Thrash Hits

January 21st, 2010

Album: Ihsahn – After

Ihsahn promo photo 2010 Thrash Hits

Candlelight Records
25 January 2010

by Tom Gibbons

If former-Emperor frontman, Ihsahn, gets involved a project, people sit up and take notice, but when the ‘Mr. Music’ of black metal spends the best part of a year stinking out his home studio, it has the potential to become a heavy metal milestone.

Except that it’s not exactly heavy metal this time.

Ihsah AFTER artwork packshot cover Thrash Hits

Like some sort of black metal Rush – complete with jumpy saxophone jazz-spazz-outs, the Norwegian’s latest solo album After is initially a strange, drawn-out affair. With unorthodox song structure and a peculiar 80’s prog-rock atmosphere, it eventually swells in to a monster of musical achievement, somewhere around about the time you give it a fourth spin.

Refreshingly original and discordant guitar pieces (blessed be the new 8-stringer), and a clever mix of harsh/clean vocals on ‘Heavens Black Sea’ hark back to the later Emperor albums, and although the lengthier tracks (ten minutes and counting) might require careful processing, there’s still space for a catchy, gothy chorus in the more forthright ‘Frozen Lake on Mars’.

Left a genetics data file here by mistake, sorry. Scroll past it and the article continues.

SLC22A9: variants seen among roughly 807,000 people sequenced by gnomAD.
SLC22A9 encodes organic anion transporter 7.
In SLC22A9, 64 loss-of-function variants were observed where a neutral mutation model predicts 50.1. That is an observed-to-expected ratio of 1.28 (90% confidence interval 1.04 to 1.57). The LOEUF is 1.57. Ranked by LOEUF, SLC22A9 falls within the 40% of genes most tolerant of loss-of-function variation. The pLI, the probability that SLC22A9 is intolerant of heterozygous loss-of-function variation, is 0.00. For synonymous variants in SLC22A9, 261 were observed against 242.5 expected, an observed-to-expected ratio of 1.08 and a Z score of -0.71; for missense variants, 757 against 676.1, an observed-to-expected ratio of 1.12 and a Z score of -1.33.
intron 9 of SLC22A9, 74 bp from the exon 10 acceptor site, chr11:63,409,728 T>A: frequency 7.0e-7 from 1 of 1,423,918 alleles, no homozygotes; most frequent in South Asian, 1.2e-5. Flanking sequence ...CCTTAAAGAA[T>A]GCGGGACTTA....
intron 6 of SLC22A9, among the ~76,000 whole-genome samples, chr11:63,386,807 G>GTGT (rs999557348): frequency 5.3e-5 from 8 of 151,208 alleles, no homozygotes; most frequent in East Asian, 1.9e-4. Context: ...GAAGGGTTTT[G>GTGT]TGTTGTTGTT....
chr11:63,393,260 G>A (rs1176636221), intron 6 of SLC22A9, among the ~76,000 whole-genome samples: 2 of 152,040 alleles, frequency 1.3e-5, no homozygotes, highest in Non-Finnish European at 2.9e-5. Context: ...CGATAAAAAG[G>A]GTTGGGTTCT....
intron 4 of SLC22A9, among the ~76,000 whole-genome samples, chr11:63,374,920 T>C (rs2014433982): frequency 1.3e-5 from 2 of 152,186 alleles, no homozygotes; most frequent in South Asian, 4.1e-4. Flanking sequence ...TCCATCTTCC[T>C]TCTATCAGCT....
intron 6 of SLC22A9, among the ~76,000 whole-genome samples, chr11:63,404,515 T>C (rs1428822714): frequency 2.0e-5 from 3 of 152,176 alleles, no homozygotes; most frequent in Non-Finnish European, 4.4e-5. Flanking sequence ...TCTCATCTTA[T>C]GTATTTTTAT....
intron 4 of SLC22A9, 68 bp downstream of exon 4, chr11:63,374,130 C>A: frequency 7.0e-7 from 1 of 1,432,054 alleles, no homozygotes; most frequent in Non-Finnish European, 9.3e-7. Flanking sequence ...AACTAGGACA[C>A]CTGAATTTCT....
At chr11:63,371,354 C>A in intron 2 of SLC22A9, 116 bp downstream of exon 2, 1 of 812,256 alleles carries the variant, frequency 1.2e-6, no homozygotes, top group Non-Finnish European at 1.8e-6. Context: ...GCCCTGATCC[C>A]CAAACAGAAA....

The fact that this is the end result of a solo project is obvious in its indulgences. One should consider that very few bands could possibly achieve this avant-garde mayhem and colossal scope, where perhaps the collective minds would fail to agree on such ideas. It’s little wonder that Ihsahn was invited to support one of the few collectives capable of such a thing, Opeth, on their Norwegian tour last year, even if production complications eventually restricted Ihsahn’s presence to a one-off show in Oslo. The Opeth connection didn’t end there though – for After, Ihsahn drafted the Swedes’ chief mixer, Jens Bogren, to apply his own unique skills to the album.

Watch Ihsahn in the studio recording After

It’s not all Nordic glory here though, and impressive as the songs are, the bass guitar (‘recorded’ by Lars K. Norberg of Spiral Architect) is barely audible at times, and that sax might freak some of you out on the first listen, although respect to Ihsahn for trying it. It’s difficult to know what more a listener could ask for in terms of creativity, stimulation and execution.


Sounds like: Opeth, Emperor, too much spare time
Top tracks: Heavens Black Sea, Undercurrent, A Grave Inversed

Ihsahn – After tracklisting
The Barren Lands
A Grave Inversed
Frozen Lakes On Mars
Heaven’s Black Sea
On The Shores